Tuesday, March 14, 2017

The backdoor remains ajar, and the regulations deregulated.

The backdoor remains ajar, and the regulations deregulated.

By Steve Fly

'...regulate so that crops are under the control of the Dutch Food Safety Authority state'

"who regulates the regulators?"--Anonymous.

     The ongoing debate surrounding Dutch coffeeshops, as you might expect has ignited in 2017, an election year in Holland. This article attempts to summarise, and make sense of the different questions, and the various different answers proposed by politicians, regulators and coffeeshop owners, in unbiased and fair language. Cough cough.

There are a number of recurring themes and buzz words used in the debate, often stylized and sexed up by different reporters and various news outlets. These include, but are not limited to different degrees of regulation on both the cultivation of the cannabis sold in coffeeshops, and the so called 'back door' paradox, whereby it is technically illegal to bring cannabis into the coffeeshop. Technically. Technically?

Currently the Dutch authorities, in different municipalities exorcise various degrees of tolerance toward coffeeshops and the activities they engage in. This tolerance is difficult to describe, like Zen, or a meme, and to understand can be a real pain in the butt for those from other countries and cultures and, i think, makes up for a large part of the confusion often associated with coffeeshops and their legality. Add to this the coalition model that makes up the Dutch parliamentary system, and you can begin to see the complexity of the puzzle. M.C. Escher could see it, and share the vision.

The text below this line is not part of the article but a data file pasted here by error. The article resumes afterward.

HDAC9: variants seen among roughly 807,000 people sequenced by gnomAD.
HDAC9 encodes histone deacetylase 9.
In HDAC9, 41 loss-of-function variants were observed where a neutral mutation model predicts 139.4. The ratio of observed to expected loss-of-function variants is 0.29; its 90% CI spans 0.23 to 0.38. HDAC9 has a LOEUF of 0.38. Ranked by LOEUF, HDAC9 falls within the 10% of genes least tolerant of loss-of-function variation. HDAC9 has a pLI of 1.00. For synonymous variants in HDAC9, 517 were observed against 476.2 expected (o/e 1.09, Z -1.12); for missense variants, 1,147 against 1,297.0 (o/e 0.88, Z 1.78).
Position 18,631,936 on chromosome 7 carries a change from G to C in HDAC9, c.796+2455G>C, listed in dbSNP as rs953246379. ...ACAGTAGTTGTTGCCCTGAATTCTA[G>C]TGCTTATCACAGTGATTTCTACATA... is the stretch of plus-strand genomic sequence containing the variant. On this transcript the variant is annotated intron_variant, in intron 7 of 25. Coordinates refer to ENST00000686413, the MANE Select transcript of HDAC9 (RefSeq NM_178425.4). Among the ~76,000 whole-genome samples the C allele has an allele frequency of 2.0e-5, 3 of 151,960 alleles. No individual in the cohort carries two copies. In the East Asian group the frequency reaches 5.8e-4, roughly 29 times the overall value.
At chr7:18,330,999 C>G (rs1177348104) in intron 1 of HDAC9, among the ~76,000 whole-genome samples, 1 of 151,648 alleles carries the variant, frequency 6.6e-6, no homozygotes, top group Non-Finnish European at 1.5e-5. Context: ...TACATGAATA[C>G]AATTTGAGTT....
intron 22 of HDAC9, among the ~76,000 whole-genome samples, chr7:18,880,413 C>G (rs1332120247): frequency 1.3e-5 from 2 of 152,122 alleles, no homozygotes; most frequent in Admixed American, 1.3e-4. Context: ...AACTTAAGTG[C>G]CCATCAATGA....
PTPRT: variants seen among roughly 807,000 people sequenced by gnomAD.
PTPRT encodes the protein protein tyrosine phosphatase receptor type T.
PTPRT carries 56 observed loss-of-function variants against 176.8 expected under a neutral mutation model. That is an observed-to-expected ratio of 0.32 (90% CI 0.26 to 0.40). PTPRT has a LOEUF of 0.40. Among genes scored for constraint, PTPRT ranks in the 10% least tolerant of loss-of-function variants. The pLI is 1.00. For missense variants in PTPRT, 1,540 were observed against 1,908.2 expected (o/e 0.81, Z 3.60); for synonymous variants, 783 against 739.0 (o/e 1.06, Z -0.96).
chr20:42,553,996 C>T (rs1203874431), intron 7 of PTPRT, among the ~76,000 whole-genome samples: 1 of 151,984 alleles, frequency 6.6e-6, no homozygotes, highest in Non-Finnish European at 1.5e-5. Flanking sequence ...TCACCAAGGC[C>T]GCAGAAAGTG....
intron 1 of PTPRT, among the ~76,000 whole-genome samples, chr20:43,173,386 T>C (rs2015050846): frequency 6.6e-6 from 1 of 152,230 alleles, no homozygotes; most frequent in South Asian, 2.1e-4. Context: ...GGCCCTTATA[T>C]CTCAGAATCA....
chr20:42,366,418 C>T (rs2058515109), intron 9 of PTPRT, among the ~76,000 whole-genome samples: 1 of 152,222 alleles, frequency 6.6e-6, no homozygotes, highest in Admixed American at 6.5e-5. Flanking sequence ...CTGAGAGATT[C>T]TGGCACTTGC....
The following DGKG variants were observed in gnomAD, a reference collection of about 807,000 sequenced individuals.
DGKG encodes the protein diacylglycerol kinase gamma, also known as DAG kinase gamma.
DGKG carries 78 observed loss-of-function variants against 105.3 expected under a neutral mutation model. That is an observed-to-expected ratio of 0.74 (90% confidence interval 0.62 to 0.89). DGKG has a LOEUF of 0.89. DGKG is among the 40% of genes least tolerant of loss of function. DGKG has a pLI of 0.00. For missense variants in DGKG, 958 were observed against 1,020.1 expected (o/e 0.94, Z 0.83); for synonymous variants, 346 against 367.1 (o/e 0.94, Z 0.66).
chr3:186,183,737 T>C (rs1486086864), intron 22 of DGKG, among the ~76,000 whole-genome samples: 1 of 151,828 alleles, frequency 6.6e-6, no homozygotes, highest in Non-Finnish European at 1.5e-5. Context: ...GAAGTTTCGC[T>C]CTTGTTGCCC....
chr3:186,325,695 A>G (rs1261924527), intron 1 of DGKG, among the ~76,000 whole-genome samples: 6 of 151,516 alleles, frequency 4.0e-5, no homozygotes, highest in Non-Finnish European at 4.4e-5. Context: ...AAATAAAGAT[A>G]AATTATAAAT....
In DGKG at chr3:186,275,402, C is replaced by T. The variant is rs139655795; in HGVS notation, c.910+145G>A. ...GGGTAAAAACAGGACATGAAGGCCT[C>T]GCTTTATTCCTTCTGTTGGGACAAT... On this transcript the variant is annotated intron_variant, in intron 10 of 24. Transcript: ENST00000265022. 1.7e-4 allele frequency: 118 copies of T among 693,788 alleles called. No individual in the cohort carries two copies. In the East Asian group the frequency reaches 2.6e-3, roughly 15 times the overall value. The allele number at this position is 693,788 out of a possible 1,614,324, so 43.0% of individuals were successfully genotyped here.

The main points of debate, however, can be broken down into binary terms, i hesitate to say. For example. new laws to regulate cultivation, or for it to remain unregulated without laws? And new laws to regulate the 'backdoor supply chain', or, for it to remain an unregulated enigma? Another binary debate concerns the more general question of keeping coffeeshops open, or closing them all. And by extension to this question, should coffeeshops become private members clubs requiring a 'weed pass' or continue to be open to anybody with I.D proving they are over 18 years old, and, so long as long as the coffeeshops abide by the strict controls enforced on them by the authorities. Lots of questions.

The successful experiment with cannabis coffeeshops in Holland, successful based on a fall in 'hard drugs consumption' and 'drugs related crime' in Holland, leads by example in this debate. 'If it’s not broke why fix it' is a common argument here, based upon comparing statistics with surrounding countries, who still enforce the laws on scheduled substances that include cannabis, yet show higher rates of serious drug addiction and drug related crime.

There are those who wish to close all coffeeshops and those who wish to keep them open, and those who want to allow new coffeeshops to open. Those who wish to increase regulations but keep them open, and those who wish to impose regulations as a stepping stone to the closure of all of them. Those who want to legalize recreational use in separate municipalities, and those who wish to legalize country wise, and those who wish to re-criminalize, increase the punishments associated with cannabis. And each of the individuals putting forward these various positions has their own nuance and methods for strengthening their argument, and weakening that of their political opponents. This kind of dialectic has come to define political debate all over the place, and due to the coalition government in Holland the bong water can seem to be getting murkier and murkier. Free the weed!

I hope these quotes help shed some light. Forgive my opinionated introduction. I felt it best to write what i thought without much editing

--Steve Fly